Following Reefer Madness, congress brought the anti-weed agenda into the House and Senate and passed the Marijuana Tax Act. Effectively, this criminalized the use of weed, restricting it only to people authorized to use it for certain medical and industrial uses. After they paid an excise tax, of course.
Not everyone bit: The New York Academy of Medicine published a report attesting to marijuana’s benignity, the scientists behind it declaring that the use of cannabis did not induce sexual aggression, violence, or insanity. The report was much more extensively researched than the previous studies painting Mary Jane as Mary Queen of Scots.
The 1940s, as America entered another World War, saw a resurgence in the value of hemp. A material vital to things like parachutes and marine cordage, hemp was crucial to the military. In order to encourage its production, the US Department of Agriculture launched “Hemp for Victory,” a campaign encouraging farmers to plant its seeds (and granting draft deferments if they did).
By 1943, as World War II was in full-swing, farmers harvested 375,000 acres, hemp was hip again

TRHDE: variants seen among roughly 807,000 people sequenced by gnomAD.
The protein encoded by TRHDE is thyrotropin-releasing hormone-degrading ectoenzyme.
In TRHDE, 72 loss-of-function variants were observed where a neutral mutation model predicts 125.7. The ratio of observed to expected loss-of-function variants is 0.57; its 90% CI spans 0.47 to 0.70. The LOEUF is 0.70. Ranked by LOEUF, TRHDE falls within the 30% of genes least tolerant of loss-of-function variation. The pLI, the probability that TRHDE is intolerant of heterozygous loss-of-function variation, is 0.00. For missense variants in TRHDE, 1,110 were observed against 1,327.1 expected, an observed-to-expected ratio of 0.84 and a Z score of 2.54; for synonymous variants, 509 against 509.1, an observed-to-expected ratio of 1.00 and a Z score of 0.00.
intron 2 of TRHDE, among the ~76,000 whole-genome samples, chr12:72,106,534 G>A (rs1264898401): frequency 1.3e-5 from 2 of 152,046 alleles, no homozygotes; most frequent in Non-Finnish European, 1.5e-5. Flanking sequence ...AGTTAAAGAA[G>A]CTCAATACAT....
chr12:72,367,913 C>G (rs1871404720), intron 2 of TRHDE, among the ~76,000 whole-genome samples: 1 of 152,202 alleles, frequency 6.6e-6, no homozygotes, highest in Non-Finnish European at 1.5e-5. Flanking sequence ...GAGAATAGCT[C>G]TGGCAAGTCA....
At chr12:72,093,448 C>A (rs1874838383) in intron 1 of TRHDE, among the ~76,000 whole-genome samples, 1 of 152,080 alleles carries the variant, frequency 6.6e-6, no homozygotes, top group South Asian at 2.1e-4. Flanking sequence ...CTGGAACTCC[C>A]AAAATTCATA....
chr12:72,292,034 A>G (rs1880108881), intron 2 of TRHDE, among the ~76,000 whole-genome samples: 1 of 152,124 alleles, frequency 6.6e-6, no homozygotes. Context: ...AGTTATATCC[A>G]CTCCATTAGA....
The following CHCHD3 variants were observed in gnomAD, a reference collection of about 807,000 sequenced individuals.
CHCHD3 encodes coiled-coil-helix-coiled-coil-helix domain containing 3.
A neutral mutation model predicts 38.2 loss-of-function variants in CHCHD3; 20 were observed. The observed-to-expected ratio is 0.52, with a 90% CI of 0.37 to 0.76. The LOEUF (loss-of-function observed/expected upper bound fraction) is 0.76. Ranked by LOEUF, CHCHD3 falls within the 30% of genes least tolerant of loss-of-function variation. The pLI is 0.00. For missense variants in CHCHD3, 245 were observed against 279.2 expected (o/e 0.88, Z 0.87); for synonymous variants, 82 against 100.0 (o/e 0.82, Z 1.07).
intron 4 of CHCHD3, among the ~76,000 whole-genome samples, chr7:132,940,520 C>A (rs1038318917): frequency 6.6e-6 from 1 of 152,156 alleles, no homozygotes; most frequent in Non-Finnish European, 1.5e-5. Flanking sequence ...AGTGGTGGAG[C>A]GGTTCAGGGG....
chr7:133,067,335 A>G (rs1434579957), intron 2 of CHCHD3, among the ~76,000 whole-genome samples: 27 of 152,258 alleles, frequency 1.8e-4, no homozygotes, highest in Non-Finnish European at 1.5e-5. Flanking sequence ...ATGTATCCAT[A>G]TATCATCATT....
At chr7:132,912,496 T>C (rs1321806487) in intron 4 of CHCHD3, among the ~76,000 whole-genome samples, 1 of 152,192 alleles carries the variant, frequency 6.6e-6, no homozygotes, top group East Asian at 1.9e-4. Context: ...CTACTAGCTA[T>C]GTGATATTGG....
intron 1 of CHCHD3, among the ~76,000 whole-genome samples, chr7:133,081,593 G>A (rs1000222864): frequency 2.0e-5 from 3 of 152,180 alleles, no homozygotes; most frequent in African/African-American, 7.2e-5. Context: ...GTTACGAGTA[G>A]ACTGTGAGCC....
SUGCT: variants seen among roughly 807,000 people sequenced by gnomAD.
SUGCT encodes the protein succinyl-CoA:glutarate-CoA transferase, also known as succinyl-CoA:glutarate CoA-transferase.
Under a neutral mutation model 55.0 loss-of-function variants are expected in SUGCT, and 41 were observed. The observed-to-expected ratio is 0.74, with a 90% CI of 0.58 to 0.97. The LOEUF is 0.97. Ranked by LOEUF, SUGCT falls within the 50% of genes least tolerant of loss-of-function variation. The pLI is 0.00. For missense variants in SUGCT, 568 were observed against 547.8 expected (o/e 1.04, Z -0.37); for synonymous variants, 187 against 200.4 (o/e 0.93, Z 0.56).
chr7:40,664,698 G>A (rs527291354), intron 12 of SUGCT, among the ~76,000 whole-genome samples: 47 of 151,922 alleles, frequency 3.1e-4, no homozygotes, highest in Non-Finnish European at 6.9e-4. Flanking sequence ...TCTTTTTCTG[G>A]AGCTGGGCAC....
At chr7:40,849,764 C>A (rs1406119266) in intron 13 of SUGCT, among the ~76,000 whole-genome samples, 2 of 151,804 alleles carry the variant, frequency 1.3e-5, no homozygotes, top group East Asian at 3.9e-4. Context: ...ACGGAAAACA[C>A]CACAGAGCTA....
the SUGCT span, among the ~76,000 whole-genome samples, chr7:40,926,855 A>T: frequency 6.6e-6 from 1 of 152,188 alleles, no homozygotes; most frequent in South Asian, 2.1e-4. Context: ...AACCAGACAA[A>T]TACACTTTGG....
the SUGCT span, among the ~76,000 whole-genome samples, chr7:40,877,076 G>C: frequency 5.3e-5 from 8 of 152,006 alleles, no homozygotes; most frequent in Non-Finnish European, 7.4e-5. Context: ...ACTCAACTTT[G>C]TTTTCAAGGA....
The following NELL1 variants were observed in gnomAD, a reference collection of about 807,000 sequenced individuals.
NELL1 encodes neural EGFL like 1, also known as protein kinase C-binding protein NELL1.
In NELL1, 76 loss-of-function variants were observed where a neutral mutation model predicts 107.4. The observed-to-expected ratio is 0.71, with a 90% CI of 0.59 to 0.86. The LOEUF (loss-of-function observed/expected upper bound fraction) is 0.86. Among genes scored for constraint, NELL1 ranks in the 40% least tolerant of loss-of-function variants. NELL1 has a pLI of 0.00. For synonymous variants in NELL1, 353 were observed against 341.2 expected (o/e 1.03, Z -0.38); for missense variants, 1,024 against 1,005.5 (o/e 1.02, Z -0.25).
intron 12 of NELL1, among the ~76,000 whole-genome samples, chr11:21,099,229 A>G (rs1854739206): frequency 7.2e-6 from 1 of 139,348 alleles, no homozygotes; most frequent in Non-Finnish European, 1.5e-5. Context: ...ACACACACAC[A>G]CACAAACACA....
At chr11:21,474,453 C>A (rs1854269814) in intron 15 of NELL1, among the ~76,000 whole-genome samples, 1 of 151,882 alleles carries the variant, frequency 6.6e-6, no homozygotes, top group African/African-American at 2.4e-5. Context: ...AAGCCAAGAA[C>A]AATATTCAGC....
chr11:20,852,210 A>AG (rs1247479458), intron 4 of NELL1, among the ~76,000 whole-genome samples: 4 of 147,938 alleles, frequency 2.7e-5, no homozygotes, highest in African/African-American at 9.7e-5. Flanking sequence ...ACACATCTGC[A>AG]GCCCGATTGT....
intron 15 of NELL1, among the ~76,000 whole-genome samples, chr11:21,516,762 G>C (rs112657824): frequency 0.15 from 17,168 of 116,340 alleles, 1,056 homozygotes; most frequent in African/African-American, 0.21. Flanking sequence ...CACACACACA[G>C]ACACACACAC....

Unfortunately for marijuana users, fear trumped reason and stricter laws set in. The Boggs Act of 1952 and the Narcotics Control Act of 1956 each set mandatory sentences for drug related offenses, including those that involved cannabis. The laws were even ridiculous by today’s standards: a first-time offense carried a minimum sentence of 2 years and up to a fine of 20,000 dollars. Presently, that’s around 178,000 bucks.
They say that if you remember the 1960s, you weren’t there. An era marked by Civil Rights, Women’s Lib, and free love, it was a decade of progression and equality, a time where people strived to make America a little less USA and a little more utopian. And there were lots of drugs.